Twenty-eight female guards were unfairly dismissed by a security company because the client‚ Metrora.
Mittal charges excessive prices for its steel, the Competition Tribunal found yesterday. But the steel maker was let off the hook on the secondary charge that the company punished customers that rebelled by importing steel.
Bernard Swanepoel, chief executive officer of gold mining company Harmony, which along with Durban Roodepoort Deep and Macsteel complained to authorities that Mittal had abused a monopoly position, said the tribunal's findings made the four-year legal battle worthwhile.
"It's been a long haul, but knowing what the downstream market as a whole stood to gain from lower steel prices made the battle worthwhile. The little guys who didn't have market power or alternative supply markets suffered at the hands of Iscor and later from Mittal's unilateral, monopolistic beha-viour for many decades. We think today's decision will change the way some industries in South Africa will do business," Swanepoel said.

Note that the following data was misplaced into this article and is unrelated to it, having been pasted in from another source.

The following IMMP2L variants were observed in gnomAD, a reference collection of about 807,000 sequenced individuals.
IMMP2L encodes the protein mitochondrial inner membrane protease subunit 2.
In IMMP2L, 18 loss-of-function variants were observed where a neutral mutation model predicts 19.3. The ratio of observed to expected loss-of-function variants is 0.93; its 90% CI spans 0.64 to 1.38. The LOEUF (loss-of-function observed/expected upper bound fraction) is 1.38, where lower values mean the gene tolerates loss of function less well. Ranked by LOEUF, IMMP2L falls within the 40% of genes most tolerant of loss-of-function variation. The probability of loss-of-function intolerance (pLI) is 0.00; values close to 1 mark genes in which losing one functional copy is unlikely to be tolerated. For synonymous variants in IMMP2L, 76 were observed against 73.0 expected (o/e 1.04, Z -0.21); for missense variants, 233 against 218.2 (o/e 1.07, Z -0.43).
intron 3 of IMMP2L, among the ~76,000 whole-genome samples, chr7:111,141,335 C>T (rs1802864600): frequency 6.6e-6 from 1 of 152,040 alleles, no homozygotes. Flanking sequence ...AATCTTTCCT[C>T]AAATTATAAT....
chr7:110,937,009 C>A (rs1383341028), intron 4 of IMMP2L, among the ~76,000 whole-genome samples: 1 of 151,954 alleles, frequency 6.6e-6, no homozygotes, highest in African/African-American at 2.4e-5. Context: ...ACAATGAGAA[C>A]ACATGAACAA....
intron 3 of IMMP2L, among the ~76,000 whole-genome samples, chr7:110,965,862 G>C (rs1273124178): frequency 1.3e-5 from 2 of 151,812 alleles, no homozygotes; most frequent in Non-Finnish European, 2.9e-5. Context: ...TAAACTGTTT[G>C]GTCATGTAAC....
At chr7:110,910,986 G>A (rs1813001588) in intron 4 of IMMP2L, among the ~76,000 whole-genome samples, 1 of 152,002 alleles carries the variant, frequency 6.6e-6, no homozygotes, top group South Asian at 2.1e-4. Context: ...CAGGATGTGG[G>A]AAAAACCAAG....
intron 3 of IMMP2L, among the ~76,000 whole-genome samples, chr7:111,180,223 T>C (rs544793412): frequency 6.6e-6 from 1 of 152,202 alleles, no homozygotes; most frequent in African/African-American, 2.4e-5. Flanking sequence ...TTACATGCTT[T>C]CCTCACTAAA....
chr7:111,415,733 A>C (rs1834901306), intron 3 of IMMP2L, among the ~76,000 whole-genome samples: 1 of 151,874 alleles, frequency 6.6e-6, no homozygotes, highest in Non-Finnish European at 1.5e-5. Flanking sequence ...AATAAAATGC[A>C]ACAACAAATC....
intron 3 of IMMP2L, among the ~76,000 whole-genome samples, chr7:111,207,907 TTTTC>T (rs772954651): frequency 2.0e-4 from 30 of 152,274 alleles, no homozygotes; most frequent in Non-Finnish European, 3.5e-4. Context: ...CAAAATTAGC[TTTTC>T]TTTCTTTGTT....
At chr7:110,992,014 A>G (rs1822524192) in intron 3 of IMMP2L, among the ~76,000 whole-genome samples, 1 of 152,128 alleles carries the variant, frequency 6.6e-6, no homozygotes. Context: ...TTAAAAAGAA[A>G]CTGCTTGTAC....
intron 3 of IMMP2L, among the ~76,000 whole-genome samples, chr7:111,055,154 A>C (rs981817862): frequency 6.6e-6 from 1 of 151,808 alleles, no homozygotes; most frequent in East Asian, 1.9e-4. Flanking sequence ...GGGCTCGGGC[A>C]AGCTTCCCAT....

Mittal is now waiting to hear what fine or other penalties it will face. The tribunal said that it can impose wide- ranging remedies for Mittal's contravention of section 8(a) of the Competition Act. But it will postpone considering the remedies sought until it has heard further evidence.
Rick Reato, chief executive officer of Mittal Steel South Africa, said: "We currently are unable to comment further on the ruling until we have seen the reasons for the judgement. We believe however that we have a strong legal case and will be considering our legal options."
Local steel customers have griped for a long time that Mittal charges a factory next to one of its steel mills the same price as if it shipped its metal from China. Accusations that Mittal punished factories that imported steel by offering their competitors discounts was not upheld by the tribunal.